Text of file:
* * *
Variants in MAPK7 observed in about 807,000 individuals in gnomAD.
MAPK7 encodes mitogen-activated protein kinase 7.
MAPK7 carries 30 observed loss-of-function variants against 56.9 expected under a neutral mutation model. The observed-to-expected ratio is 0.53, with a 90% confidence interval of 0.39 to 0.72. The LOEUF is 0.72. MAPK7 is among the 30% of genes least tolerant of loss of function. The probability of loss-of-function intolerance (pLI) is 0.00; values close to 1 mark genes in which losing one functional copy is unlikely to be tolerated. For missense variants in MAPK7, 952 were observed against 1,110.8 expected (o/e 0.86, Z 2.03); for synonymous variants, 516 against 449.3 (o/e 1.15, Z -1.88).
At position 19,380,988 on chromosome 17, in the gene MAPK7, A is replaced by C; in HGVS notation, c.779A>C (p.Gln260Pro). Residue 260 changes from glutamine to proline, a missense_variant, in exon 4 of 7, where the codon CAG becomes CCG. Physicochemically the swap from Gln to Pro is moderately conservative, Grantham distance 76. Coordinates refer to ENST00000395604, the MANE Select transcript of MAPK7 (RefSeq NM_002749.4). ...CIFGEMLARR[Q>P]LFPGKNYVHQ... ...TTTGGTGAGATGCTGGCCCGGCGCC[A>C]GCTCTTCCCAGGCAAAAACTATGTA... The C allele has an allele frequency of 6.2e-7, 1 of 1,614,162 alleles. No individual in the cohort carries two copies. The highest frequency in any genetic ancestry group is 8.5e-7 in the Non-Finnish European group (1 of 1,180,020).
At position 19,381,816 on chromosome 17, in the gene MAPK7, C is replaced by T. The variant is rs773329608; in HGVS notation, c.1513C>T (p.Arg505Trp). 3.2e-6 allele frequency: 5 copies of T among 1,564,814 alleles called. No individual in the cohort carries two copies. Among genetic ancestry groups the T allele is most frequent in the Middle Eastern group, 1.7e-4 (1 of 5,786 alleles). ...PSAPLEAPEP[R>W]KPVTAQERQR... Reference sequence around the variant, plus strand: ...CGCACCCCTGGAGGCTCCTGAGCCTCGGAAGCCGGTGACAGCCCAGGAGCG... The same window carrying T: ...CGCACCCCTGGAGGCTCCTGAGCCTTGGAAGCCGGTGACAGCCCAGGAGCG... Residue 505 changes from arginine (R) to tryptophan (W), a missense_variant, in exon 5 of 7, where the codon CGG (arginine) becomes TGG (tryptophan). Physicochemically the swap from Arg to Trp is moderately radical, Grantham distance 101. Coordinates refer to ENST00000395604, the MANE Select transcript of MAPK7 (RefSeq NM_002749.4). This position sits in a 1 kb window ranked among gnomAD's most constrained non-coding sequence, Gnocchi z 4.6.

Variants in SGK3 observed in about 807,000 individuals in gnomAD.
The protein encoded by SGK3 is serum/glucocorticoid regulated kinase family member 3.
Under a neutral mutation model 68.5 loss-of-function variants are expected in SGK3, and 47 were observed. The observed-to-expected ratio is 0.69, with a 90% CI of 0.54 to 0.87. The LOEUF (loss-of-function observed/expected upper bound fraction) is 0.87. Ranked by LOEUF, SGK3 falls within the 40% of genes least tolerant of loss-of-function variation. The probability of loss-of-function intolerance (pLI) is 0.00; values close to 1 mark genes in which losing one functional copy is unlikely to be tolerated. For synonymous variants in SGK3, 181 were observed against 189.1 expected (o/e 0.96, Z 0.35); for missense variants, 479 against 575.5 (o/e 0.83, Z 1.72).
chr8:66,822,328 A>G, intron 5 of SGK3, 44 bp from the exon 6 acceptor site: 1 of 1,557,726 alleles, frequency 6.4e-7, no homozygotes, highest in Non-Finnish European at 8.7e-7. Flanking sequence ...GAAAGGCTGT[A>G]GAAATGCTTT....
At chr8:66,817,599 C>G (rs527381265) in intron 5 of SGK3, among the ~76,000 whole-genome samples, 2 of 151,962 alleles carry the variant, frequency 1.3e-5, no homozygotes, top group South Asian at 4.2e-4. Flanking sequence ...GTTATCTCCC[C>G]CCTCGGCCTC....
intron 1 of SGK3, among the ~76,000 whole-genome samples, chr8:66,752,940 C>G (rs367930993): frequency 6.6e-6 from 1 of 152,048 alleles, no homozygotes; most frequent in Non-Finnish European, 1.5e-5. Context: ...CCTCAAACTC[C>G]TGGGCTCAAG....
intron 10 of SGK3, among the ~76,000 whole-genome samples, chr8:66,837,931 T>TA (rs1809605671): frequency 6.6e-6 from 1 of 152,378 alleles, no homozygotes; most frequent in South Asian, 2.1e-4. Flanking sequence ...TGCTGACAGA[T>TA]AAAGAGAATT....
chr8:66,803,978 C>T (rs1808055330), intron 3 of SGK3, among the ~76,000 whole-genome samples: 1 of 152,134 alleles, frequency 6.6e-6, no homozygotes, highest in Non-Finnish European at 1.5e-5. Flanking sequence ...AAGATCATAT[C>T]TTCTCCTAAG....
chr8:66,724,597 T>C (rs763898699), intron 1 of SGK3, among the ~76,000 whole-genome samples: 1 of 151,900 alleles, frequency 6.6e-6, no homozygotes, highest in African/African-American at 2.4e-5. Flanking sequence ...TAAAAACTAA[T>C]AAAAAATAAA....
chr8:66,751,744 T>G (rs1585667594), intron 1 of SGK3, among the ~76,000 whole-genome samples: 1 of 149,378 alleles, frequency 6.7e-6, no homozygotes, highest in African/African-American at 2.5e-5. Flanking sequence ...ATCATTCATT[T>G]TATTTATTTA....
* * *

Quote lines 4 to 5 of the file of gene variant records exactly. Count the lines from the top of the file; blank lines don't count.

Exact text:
At position 19,380,988 on chromosome 17, in the gene MAPK7, A is replaced by C; in HGVS notation, c.779A>C (p.Gln260Pro). Residue 260 changes from glutamine to proline, a missense_variant, in exon 4 of 7, where the codon CAG becomes CCG. Physicochemically the swap from Gln to Pro is moderately conservative, Grantham distance 76. Coordinates refer to ENST00000395604, the MANE Select transcript of MAPK7 (RefSeq NM_002749.4). ...CIFGEMLARR[Q>P]LFPGKNYVHQ... ...TTTGGTGAGATGCTGGCCCGGCGCC[A>C]GCTCTTCCCAGGCAAAAACTATGTA... The C allele has an allele frequency of 6.2e-7, 1 of 1,614,162 alleles. No individual in the cohort carries two copies. The highest frequency in any genetic ancestry group is 8.5e-7 in the Non-Finnish European group (1 of 1,180,020).
At position 19,381,816 on chromosome 17, in the gene MAPK7, C is replaced by T. The variant is rs773329608; in HGVS notation, c.1513C>T (p.Arg505Trp). 3.2e-6 allele frequency: 5 copies of T among 1,564,814 alleles called. No individual in the cohort carries two copies. Among genetic ancestry groups the T allele is most frequent in the Middle Eastern group, 1.7e-4 (1 of 5,786 alleles). ...PSAPLEAPEP[R>W]KPVTAQERQR... Reference sequence around the variant, plus strand: ...CGCACCCCTGGAGGCTCCTGAGCCTCGGAAGCCGGTGACAGCCCAGGAGCG... The same window carrying T: ...CGCACCCCTGGAGGCTCCTGAGCCTTGGAAGCCGGTGACAGCCCAGGAGCG... Residue 505 changes from arginine (R) to tryptophan (W), a missense_variant, in exon 5 of 7, where the codon CGG (arginine) becomes TGG (tryptophan). Physicochemically the swap from Arg to Trp is moderately radical, Grantham distance 101. Coordinates refer to ENST00000395604, the MANE Select transcript of MAPK7 (RefSeq NM_002749.4). This position sits in a 1 kb window ranked among gnomAD's most constrained non-coding sequence, Gnocchi z 4.6.